When Dan Marshall began working with watercolors he was immediately taken by the sensitivity of the medium and the atmospheric effects he could achieve in his watercolor landscapes. They feature a broad panning sweep; the compositional staging is highly stylized, abstract and near-cinematic—calling to mind long opening shots in movies that are meant to imply a narrative or set an emotional tone. He achieves this potent quality by manipulating scale and composition.
Marshall, an award-winning watercolor and tattoo artist featured in the August 2016 issue of Watercolor Artist (now available in print here, as a download here and on newsstands June 14), recently moved to Denver, where he opened Atelier 71, a studio gallery and tattoo space. Enjoy this bonus gallery of the artist’s watercolor landscapes that didn’t make it into the printed issue.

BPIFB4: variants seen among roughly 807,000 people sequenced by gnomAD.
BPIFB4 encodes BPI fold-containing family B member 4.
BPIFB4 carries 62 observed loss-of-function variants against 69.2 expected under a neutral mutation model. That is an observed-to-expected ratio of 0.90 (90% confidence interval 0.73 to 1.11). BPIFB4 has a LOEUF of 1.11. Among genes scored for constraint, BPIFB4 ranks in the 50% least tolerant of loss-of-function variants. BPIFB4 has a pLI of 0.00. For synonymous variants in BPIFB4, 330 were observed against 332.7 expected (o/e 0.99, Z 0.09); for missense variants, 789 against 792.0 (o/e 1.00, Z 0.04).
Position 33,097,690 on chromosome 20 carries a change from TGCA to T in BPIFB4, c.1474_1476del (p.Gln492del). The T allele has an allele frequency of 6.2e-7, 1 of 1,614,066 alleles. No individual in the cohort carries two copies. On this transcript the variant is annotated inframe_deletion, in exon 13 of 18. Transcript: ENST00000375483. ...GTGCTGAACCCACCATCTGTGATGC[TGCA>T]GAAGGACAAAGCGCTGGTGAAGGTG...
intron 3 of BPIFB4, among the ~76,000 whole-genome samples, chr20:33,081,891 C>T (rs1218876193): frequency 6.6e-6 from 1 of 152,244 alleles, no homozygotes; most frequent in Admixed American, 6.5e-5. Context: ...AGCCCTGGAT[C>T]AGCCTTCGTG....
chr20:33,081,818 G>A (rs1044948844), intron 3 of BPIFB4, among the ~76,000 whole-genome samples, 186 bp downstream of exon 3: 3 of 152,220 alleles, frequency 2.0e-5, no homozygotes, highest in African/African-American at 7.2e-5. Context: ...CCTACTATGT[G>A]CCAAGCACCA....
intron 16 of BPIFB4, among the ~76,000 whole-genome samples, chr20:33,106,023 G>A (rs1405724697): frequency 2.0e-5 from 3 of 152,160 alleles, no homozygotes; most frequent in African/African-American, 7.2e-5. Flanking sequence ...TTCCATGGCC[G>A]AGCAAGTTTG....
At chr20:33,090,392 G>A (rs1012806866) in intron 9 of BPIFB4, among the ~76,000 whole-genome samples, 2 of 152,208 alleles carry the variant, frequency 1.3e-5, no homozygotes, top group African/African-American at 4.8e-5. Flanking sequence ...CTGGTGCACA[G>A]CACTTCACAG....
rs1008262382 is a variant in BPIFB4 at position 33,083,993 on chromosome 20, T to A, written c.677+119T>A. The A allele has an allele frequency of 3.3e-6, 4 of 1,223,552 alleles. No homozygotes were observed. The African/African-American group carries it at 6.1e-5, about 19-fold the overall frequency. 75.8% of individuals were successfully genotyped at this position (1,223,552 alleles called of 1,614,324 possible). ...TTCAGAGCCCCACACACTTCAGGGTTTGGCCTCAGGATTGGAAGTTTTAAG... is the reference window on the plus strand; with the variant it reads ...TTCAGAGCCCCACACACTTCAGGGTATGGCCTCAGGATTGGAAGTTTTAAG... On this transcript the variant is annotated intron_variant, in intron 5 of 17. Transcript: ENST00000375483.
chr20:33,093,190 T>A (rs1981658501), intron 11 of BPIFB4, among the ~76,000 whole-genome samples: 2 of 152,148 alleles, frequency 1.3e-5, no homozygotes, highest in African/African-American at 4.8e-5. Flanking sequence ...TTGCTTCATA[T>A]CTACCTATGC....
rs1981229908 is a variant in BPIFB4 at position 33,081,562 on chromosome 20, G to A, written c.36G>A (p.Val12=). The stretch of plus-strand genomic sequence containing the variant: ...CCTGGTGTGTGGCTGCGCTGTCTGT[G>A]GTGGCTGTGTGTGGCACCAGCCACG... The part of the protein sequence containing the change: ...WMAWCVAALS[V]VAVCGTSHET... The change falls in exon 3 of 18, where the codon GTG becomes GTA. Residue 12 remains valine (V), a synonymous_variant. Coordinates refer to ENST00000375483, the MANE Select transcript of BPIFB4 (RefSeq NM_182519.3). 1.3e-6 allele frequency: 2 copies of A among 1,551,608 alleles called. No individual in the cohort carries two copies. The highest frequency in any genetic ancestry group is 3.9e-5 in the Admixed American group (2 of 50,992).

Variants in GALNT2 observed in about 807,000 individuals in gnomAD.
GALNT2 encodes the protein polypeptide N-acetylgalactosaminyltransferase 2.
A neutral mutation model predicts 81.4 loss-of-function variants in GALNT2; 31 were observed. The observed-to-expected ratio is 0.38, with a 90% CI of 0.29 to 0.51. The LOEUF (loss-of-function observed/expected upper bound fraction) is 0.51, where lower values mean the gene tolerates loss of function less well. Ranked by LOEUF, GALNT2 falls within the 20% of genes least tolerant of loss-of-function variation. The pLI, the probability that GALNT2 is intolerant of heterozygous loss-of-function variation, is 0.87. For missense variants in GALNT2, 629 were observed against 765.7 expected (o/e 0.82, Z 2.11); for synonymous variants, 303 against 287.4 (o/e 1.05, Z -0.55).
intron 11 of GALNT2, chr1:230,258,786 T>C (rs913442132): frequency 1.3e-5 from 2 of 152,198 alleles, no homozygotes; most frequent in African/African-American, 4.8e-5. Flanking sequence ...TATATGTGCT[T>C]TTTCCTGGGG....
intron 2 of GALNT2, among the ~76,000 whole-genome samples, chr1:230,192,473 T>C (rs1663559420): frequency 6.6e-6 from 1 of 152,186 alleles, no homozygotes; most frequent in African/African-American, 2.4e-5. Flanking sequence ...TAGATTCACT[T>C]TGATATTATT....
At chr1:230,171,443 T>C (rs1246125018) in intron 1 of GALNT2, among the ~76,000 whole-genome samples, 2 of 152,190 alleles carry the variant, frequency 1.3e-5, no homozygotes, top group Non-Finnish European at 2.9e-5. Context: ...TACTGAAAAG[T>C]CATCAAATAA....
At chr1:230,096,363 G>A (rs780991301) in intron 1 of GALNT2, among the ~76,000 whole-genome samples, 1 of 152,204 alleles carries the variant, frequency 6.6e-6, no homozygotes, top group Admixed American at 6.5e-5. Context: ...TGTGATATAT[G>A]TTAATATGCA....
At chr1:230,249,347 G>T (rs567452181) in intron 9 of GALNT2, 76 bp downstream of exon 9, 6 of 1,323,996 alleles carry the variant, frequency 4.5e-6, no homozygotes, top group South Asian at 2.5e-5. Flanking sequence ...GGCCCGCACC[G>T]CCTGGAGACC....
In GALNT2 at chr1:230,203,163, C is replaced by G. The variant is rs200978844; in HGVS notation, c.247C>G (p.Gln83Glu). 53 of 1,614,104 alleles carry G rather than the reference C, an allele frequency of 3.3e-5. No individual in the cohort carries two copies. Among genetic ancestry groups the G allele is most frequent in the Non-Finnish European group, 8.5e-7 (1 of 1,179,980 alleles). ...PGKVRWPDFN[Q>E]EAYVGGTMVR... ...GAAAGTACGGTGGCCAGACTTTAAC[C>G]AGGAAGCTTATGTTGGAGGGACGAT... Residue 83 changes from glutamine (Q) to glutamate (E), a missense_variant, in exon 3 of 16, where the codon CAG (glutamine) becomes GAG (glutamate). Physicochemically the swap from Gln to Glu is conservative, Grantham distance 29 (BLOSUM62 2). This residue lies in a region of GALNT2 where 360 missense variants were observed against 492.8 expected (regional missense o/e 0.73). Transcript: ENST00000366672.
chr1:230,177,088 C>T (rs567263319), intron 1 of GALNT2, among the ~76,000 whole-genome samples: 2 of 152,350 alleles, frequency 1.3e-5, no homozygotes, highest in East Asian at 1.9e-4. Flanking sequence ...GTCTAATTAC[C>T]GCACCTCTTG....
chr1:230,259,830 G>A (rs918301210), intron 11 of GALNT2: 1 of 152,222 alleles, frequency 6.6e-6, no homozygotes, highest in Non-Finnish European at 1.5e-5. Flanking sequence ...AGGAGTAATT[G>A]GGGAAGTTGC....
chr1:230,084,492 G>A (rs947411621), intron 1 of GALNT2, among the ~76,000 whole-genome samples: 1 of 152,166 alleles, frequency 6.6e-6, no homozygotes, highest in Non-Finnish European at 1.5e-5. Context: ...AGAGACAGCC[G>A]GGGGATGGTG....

Dan Marshall’s Toolkit for Watercolor Landscapes
Watercolors: Winsor & Newton, Holbein and Daniel Smith
Brushes: Escoda and Isabey
Paper: St Cuthberts Mill Saunders Waterford 140-lb. and 226-lb. rough. “The softness of the surface compared to other brands allows for a mixing of paint directly on the surface of the paper that has no equal,” Marshall says.
Misc.: Holbein folding palette and a plein air watercolor painting box that Marshall built based on a design by Joseph Zbukvic; it fits in the overhead bin on any airplane, so he doesn’t need to check it.